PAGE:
(Natural News) Heart disease kills millions worldwide. Besides consuming a heart-friendly diet and engaging in regular physical activity, ensuring that you have an adequate supply of vitamin K2 will also help reduce your risk of developing the condition.
Vitamin K2 is one of the least known vitamins, often because it is mistaken for the more common vitamin K1. Both types of vitamin K are closely related – in fact, they perform roughly the same function. They activate and imbue proteins with calcium-binding properties, allowing the body to absorb calcium better and utilize it for various vital purposes.
K1 and K2, however, are absorbed and distributed throughout the body at different rates; thus, affecting their role in maintaining your health. Vitamin K1 is poorly absorbed by the body and stays in the blood no longer than a few hours. It helps maintain your blood’s clotting ability, preventing over-bleeding and helping you recover from physical injuries.
K1 is found in abundance in vegetables, while K2 is usually found in fatty food. The latter is more readily absorbed because the body processes fat faster. It also stays longer in the blood, sometimes remaining for as long as several days. This relative longevity makes K2 better at distributing calcium than K1, which leads experts to believe it plays a significant role in delivering calcium to the organs, such as the bones, that need it the most.
With very little vitamin K2, your body can have plenty of surplus calcium, which can stay in your blood vessels, combined with fat, and harden into plaque. This results in atherosclerosis, a condition where plaque narrows your blood vessels and restricts the flow of your blood. In bad enough cases, atherosclerosis leads to heart attack and death.
Other benefits of vitamin K2
Its role in improving the absorption of calcium makes vitamin K2 vital to both bone and dental health. Its intake is linked to a reduced incidence of fractures, as well as a lower risk of osteoporosis and age-related loss of bone density.
Several studies support this. One trial involving 244 postmenopausal women found that supplementation of vitamin K2 slowed down the reduction of bone mineral density. Another study on Japanese women – this time using high doses – showed similar results.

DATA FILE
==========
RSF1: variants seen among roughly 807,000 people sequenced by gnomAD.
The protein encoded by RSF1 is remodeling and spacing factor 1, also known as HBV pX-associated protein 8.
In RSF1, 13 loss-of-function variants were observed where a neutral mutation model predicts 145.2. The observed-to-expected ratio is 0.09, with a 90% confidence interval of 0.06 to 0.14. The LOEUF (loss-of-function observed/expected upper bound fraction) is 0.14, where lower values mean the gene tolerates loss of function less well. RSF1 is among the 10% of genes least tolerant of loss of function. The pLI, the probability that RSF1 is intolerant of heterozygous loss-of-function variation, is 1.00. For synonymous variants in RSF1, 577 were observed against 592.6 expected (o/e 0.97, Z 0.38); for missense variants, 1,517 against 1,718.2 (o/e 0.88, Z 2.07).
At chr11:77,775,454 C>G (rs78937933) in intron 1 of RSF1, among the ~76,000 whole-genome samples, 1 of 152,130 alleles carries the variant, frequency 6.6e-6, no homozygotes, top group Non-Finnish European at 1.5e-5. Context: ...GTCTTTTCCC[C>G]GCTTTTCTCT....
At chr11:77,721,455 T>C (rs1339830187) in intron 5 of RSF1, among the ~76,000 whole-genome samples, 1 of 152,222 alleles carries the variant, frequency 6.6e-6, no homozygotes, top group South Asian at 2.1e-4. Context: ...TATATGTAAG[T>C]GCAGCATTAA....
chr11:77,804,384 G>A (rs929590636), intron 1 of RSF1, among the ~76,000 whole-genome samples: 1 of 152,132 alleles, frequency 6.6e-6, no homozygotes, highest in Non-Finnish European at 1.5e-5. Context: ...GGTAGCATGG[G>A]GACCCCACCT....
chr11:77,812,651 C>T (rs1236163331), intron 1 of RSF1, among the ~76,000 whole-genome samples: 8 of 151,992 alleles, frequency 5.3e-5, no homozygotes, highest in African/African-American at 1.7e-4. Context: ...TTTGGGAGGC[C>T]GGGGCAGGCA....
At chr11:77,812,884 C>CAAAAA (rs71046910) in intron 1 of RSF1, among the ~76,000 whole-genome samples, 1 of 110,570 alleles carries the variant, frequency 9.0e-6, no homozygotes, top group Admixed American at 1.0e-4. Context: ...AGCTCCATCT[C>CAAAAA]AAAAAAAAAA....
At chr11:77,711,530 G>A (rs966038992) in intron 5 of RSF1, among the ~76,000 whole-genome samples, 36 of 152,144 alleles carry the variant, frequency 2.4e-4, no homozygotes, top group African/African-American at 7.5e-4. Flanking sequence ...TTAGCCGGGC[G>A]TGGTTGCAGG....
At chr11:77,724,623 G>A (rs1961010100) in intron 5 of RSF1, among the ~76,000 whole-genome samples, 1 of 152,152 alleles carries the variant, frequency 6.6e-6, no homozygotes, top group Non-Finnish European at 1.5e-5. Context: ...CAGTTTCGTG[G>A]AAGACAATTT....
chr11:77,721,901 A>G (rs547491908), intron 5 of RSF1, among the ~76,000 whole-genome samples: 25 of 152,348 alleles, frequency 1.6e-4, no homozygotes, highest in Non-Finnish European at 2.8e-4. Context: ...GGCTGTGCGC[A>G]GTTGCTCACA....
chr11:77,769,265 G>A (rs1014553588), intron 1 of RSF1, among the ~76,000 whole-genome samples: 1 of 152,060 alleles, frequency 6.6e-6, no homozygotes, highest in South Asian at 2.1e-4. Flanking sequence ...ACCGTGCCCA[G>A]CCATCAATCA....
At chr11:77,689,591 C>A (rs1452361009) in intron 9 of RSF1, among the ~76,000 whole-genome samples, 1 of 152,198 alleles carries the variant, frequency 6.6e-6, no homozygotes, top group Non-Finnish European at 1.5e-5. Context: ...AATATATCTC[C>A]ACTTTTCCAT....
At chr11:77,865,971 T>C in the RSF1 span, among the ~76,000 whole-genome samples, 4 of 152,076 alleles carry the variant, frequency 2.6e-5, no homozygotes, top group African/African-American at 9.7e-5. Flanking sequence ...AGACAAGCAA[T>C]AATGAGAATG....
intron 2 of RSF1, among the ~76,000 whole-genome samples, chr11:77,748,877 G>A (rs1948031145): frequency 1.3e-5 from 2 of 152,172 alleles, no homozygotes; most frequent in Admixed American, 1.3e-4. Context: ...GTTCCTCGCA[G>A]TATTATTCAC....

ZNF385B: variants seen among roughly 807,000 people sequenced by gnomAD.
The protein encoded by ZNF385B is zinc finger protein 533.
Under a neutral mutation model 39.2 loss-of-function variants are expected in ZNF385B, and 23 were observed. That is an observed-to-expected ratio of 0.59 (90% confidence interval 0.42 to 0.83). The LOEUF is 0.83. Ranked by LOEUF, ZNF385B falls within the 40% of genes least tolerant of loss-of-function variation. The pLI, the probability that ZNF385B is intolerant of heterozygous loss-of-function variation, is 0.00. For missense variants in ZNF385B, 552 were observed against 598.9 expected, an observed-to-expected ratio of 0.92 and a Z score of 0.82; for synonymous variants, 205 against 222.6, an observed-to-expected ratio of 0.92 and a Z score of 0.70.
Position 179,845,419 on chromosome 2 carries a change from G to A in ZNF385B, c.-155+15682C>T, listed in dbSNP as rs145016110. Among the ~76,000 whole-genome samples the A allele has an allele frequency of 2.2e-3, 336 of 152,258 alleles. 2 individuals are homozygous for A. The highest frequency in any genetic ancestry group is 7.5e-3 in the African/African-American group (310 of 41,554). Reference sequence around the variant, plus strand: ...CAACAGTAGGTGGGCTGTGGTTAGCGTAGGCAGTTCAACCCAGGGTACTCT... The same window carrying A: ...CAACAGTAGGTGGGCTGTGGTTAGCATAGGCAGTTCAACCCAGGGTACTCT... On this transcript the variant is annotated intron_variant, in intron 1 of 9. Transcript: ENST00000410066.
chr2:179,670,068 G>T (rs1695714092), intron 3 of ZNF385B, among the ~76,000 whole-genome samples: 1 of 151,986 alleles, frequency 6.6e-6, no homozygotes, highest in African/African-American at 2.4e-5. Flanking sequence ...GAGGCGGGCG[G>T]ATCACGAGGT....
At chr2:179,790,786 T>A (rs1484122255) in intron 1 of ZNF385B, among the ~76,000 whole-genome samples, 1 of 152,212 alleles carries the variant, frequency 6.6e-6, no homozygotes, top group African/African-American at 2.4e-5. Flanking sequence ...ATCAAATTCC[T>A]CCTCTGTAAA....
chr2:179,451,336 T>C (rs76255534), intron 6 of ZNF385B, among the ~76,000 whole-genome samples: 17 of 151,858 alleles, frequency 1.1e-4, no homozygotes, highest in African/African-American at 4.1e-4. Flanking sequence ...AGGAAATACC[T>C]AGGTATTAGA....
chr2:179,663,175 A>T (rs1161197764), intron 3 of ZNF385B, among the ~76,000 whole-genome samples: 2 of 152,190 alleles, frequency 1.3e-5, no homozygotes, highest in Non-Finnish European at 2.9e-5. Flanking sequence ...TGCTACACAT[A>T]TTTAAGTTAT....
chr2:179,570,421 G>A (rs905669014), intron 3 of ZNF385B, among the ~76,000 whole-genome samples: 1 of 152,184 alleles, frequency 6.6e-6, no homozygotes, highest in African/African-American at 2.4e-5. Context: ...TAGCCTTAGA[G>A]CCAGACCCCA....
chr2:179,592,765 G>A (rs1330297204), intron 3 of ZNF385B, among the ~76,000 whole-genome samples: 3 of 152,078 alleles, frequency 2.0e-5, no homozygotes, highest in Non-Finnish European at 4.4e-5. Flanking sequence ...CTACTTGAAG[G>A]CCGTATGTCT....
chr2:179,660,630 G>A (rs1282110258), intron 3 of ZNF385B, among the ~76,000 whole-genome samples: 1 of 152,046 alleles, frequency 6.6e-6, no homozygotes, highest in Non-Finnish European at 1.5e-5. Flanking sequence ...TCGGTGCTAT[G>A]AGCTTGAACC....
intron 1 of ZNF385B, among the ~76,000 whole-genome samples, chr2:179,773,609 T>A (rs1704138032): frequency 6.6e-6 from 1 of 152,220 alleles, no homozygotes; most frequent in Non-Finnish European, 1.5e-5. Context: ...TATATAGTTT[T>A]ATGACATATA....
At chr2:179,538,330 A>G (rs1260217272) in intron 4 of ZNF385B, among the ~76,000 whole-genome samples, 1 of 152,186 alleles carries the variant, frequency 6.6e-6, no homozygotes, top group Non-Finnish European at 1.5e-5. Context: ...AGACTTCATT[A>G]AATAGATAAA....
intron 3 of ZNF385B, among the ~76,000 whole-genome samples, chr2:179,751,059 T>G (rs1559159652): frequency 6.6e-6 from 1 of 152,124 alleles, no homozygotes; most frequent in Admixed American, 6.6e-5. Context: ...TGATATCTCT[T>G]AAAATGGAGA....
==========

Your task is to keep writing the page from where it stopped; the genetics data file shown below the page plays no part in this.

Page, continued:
One of the proteins that vitamin K2 activates is osteocalcin, which plays a vital role in bone metabolism and the growth of new dentin, the layer of calcified tissue underneath your teeth’s enamel. It is believed that K2 works with vitamins A and D to promote dental health.
Several studies indicate that vitamin K2 may have anticancer properties not previously seen in vitamin K1. Researchers observed that in 11,000 men, high intake of K2 reduced the risk of advanced prostate cancer by as much as 63 percent. Two other clinical trials linked K2 with a lower risk of liver cancer recurrence and higher survival rates among patients.
Good sources of vitamin K2
Westerners are notable for having a lower intake of vitamin K2 compared to people from Eastern countries. Because gut bacteria produce vitamin K2, the prevalent use of antibiotics that kill even beneficial microbiota further complicates the problem.
Vitamin K1 is easier to find that K2, but here are some great food items to start on:
- Natto – This Japanese food item is fermented soybean. It is an excellent source of vitamin K2, but the taste may need some getting used to.
- Eggs – Yolks are among the easiest-to-find sources of K2 and can be added to any meal, even after breakfast.
- Cheese – But not all types of cheese will do. Fermented cheese like Gouda, cheddar, and blue cheese are recommended.
- Dark meat chicken – Chicken thighs contain moderate amounts of vitamin K2. The nutrient is also found in chicken breast but is not as readily absorbed as the one in the thighs.
- Organ meat – Animal organs, such as liver, are good sources of vitamin K2.
Learn about other ways to curb the risk of cardiovascular disease by going to Cures.news.